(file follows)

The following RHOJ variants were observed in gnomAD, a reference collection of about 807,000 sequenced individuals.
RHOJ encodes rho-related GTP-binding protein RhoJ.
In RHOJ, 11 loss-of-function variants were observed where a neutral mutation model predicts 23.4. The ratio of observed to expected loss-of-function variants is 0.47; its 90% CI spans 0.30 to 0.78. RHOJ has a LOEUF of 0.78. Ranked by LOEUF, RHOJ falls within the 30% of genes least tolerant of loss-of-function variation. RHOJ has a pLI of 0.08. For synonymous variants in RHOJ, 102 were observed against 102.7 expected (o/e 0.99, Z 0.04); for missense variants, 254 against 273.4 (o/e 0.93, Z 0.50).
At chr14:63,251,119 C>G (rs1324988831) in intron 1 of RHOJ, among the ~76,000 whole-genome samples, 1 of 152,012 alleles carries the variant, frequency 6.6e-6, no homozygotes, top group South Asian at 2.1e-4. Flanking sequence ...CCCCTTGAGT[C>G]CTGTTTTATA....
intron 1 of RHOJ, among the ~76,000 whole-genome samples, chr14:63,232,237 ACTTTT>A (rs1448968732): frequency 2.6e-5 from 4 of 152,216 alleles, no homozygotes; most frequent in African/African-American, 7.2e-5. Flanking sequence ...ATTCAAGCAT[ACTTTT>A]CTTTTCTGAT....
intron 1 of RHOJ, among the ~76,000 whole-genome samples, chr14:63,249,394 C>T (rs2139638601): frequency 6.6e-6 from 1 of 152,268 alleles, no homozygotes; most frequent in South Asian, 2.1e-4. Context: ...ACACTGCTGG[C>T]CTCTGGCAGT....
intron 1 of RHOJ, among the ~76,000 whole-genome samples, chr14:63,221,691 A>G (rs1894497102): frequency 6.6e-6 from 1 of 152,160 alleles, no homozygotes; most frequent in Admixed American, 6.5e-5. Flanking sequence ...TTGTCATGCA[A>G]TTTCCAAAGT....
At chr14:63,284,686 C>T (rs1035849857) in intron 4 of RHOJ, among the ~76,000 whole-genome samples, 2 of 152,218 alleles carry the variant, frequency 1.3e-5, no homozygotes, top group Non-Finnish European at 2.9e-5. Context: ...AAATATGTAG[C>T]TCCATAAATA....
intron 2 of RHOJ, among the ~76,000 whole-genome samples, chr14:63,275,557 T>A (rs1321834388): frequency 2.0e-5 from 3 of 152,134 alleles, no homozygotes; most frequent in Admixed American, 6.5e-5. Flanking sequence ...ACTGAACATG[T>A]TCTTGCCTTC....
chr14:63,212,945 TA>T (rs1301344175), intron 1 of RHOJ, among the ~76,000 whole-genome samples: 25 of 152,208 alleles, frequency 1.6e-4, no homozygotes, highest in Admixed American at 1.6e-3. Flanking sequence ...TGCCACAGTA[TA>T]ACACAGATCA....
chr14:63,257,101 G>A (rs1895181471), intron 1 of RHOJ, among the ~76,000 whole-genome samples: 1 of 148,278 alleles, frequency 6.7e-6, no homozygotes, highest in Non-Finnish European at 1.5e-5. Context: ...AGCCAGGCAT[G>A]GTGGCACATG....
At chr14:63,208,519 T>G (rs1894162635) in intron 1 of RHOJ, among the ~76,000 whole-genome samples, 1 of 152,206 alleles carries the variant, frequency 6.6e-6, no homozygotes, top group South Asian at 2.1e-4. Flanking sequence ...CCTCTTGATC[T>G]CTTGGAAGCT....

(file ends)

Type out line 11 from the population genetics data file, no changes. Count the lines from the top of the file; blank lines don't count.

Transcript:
chr14:63,257,101 G>A (rs1895181471), intron 1 of RHOJ, among the ~76,000 whole-genome samples: 1 of 148,278 alleles, frequency 6.7e-6, no homozygotes, highest in Non-Finnish European at 1.5e-5. Context: ...AGCCAGGCAT[G>A]GTGGCACATG....